Last week on Twitter, I saw that David Gross retweeted a message from author Sofia Samatar in which she described war tax resistance as self-care. I was immediately taken with this concept, and while Sofia’s plate was too full to write about it, she gave her blessing for me to run with it! So thanks to Sofia for the inspiration; all thoughts that follow are mine, however.
Self-care is a practice of taking actions that heal and rejuvenate ourselves. For some writers, it means relaxing or decompressing from work and activism and family responsibilities – getting enough sleep, eating well, exercising, taking time to read a book or watch a movie, or spending quality time with friends and family. For other writers, political action, or care for one’s community, is itself self-care. And others question this dichotomy. Without getting into the whole debate here (although I recommend reading these perspectives on self-care and thinking about what they mean to you!), few people will disagree with the idea that some form of self-care is essential.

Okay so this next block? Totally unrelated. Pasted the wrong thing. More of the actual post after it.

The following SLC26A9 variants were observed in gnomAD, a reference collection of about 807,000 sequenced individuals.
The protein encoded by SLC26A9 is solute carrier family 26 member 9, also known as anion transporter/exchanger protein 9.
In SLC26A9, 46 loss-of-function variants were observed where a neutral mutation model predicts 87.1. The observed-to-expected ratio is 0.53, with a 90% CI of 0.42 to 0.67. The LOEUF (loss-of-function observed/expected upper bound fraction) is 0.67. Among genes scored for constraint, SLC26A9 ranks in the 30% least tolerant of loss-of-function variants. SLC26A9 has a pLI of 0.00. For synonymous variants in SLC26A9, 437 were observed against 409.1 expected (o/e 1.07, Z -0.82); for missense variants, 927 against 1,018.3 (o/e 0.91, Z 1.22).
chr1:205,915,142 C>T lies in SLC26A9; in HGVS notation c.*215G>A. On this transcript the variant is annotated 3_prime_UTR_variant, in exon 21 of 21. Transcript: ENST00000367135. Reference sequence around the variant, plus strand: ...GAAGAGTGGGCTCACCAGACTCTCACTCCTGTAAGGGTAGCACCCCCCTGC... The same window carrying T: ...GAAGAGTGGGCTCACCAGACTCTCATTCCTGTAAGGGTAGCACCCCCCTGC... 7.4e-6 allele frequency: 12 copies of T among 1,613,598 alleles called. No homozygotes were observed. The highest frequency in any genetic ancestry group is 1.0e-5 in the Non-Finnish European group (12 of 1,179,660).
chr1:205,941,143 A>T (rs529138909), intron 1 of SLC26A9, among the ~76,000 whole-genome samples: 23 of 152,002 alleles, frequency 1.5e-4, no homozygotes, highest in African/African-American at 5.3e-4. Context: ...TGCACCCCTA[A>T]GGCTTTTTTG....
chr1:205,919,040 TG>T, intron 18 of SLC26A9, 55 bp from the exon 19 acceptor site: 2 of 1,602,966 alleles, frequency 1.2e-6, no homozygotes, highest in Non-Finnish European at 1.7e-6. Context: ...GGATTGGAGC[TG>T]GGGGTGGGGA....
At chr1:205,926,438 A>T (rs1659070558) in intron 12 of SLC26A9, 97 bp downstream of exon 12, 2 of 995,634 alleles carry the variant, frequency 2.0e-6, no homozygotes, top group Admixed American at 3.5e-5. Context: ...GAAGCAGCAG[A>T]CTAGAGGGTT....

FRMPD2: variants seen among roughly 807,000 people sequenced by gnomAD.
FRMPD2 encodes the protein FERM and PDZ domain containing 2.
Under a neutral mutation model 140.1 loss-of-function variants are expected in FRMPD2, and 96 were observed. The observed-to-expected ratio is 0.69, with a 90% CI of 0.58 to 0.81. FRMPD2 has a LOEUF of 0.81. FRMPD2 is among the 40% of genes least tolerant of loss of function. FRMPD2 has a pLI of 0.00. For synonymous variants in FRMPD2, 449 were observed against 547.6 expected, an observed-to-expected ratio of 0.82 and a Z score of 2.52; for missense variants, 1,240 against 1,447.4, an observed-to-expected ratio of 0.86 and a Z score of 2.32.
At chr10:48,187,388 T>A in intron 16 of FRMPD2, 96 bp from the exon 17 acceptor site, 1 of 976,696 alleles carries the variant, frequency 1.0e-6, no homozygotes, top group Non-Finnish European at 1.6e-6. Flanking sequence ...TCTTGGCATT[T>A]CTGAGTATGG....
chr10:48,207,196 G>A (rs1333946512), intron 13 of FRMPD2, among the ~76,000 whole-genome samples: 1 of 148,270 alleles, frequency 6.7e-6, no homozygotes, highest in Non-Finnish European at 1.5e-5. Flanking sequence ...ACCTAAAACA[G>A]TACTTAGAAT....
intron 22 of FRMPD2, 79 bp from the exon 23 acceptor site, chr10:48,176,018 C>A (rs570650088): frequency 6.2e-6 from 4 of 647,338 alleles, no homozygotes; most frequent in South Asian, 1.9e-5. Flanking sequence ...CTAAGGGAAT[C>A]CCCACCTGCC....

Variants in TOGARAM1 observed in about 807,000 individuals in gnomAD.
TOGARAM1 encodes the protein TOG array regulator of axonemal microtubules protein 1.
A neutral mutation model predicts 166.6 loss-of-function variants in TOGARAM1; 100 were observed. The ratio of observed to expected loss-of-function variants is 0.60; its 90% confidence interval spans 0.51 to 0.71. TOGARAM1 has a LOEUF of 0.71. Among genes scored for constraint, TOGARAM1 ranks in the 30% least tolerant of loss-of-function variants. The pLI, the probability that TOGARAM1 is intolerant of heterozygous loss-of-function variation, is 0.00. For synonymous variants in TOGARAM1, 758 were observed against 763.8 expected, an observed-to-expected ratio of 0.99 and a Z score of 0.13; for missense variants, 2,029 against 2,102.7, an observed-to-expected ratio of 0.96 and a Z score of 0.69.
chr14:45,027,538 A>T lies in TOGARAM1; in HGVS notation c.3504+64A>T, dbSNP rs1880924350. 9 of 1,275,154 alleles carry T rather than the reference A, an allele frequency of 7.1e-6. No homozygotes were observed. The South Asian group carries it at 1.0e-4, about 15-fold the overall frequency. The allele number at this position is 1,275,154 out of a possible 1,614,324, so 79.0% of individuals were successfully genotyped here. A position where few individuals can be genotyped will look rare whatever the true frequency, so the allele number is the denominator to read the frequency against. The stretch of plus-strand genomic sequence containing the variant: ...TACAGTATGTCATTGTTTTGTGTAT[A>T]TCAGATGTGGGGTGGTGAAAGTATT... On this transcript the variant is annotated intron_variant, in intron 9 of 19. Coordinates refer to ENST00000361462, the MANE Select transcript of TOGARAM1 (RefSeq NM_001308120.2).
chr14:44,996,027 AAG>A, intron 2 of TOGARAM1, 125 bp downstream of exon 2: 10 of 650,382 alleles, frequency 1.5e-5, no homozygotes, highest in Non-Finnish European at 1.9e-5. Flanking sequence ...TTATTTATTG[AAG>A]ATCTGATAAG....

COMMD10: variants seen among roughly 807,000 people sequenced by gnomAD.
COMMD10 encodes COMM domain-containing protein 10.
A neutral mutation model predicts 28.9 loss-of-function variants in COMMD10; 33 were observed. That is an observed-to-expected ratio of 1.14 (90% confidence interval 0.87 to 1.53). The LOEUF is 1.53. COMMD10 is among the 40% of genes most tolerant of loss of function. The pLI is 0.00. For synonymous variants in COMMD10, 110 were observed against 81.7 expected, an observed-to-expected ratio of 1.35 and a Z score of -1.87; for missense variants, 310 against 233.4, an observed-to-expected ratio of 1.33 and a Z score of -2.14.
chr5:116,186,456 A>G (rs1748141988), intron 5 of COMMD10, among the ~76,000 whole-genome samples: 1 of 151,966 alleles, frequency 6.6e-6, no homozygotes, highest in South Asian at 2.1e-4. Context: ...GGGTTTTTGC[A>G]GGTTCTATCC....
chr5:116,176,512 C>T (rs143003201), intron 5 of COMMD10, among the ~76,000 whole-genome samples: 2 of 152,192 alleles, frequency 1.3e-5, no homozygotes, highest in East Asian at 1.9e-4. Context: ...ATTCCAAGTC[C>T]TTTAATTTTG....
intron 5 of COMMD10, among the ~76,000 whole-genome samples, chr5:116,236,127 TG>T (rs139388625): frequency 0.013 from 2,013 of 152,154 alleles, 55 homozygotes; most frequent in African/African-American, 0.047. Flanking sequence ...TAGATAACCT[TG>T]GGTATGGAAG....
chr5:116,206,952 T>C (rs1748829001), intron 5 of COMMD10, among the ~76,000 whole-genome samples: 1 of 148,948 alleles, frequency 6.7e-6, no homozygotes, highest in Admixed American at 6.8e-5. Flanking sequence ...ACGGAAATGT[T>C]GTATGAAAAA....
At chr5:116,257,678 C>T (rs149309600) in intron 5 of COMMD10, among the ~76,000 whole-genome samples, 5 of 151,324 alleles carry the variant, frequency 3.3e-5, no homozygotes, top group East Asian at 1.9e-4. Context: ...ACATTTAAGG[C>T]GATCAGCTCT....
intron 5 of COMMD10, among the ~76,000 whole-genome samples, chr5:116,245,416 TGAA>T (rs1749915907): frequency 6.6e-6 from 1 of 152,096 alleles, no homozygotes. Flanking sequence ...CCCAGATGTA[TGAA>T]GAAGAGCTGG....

Some resisters describe war tax resistance as something they do so they can live with themselves, or something they do to assuage their conscience about where tax money goes. Being able to live in alignment with your beliefs is a profound form of self-care – think about the dis-ease you experience when you do something against your beliefs. War tax resistance not only brings you into alignment with your beliefs about war, it can also help you integrate your beliefs on other issues. When I make money above the taxable line, I contribute to other causes that I care about: supporting social justice organizing, vegetarianism, defense of civil liberties, and autonomous social projects that provide alternatives to government programs and corporate goods and services. This self-care of sticking to my convictions also provides community care for friends and strangers who don’t have the privilege of access to resources and education that I have/have had. And the war tax resistance community itself takes care of each other, with resources like alternative funds and the penalty fund.
I also think that this perspective can help remind ourselves of why we do war tax resistance when times are tough. War tax resistance is caring for ourselves and our communities far more than the war budget ever will – perhaps this is a message we can put forth this Tax Day.
-Post by Erica